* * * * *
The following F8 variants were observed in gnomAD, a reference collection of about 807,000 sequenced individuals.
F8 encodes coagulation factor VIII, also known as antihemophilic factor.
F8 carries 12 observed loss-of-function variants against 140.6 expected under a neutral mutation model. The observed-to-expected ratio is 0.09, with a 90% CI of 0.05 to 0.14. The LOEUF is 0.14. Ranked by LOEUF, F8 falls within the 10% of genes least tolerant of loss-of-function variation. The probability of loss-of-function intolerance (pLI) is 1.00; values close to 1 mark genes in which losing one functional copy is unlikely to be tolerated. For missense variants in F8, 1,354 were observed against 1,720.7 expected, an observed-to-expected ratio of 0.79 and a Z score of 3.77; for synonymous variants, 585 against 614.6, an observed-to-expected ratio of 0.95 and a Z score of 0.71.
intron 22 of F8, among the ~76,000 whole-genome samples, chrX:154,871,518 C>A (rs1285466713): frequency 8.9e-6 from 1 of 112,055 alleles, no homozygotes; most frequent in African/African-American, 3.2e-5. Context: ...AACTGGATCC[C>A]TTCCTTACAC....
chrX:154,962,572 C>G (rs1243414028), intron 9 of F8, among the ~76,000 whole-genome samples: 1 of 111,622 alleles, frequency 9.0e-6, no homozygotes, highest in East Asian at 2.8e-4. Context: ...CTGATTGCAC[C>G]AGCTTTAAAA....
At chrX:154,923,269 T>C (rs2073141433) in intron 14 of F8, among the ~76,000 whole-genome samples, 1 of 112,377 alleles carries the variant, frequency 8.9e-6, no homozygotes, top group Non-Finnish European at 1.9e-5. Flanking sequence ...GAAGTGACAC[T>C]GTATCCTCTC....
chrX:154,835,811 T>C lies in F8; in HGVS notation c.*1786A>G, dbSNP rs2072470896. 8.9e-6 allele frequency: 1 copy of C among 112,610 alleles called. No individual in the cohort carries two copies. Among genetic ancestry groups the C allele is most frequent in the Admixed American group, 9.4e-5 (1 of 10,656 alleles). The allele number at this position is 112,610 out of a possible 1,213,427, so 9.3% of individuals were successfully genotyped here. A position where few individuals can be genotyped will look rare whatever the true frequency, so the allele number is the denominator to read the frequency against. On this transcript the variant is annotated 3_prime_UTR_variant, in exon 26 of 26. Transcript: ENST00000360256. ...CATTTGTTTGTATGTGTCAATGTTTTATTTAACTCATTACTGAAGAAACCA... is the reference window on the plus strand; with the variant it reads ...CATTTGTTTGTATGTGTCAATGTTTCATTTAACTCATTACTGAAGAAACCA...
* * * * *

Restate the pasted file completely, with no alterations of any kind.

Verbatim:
The following F8 variants were observed in gnomAD, a reference collection of about 807,000 sequenced individuals.
F8 encodes coagulation factor VIII, also known as antihemophilic factor.
F8 carries 12 observed loss-of-function variants against 140.6 expected under a neutral mutation model. The observed-to-expected ratio is 0.09, with a 90% CI of 0.05 to 0.14. The LOEUF is 0.14. Ranked by LOEUF, F8 falls within the 10% of genes least tolerant of loss-of-function variation. The probability of loss-of-function intolerance (pLI) is 1.00; values close to 1 mark genes in which losing one functional copy is unlikely to be tolerated. For missense variants in F8, 1,354 were observed against 1,720.7 expected, an observed-to-expected ratio of 0.79 and a Z score of 3.77; for synonymous variants, 585 against 614.6, an observed-to-expected ratio of 0.95 and a Z score of 0.71.
intron 22 of F8, among the ~76,000 whole-genome samples, chrX:154,871,518 C>A (rs1285466713): frequency 8.9e-6 from 1 of 112,055 alleles, no homozygotes; most frequent in African/African-American, 3.2e-5. Context: ...AACTGGATCC[C>A]TTCCTTACAC....
chrX:154,962,572 C>G (rs1243414028), intron 9 of F8, among the ~76,000 whole-genome samples: 1 of 111,622 alleles, frequency 9.0e-6, no homozygotes, highest in East Asian at 2.8e-4. Context: ...CTGATTGCAC[C>G]AGCTTTAAAA....
At chrX:154,923,269 T>C (rs2073141433) in intron 14 of F8, among the ~76,000 whole-genome samples, 1 of 112,377 alleles carries the variant, frequency 8.9e-6, no homozygotes, top group Non-Finnish European at 1.9e-5. Flanking sequence ...GAAGTGACAC[T>C]GTATCCTCTC....
chrX:154,835,811 T>C lies in F8; in HGVS notation c.*1786A>G, dbSNP rs2072470896. 8.9e-6 allele frequency: 1 copy of C among 112,610 alleles called. No individual in the cohort carries two copies. Among genetic ancestry groups the C allele is most frequent in the Admixed American group, 9.4e-5 (1 of 10,656 alleles). The allele number at this position is 112,610 out of a possible 1,213,427, so 9.3% of individuals were successfully genotyped here. A position where few individuals can be genotyped will look rare whatever the true frequency, so the allele number is the denominator to read the frequency against. On this transcript the variant is annotated 3_prime_UTR_variant, in exon 26 of 26. Transcript: ENST00000360256. ...CATTTGTTTGTATGTGTCAATGTTTTATTTAACTCATTACTGAAGAAACCA... is the reference window on the plus strand; with the variant it reads ...CATTTGTTTGTATGTGTCAATGTTTCATTTAACTCATTACTGAAGAAACCA...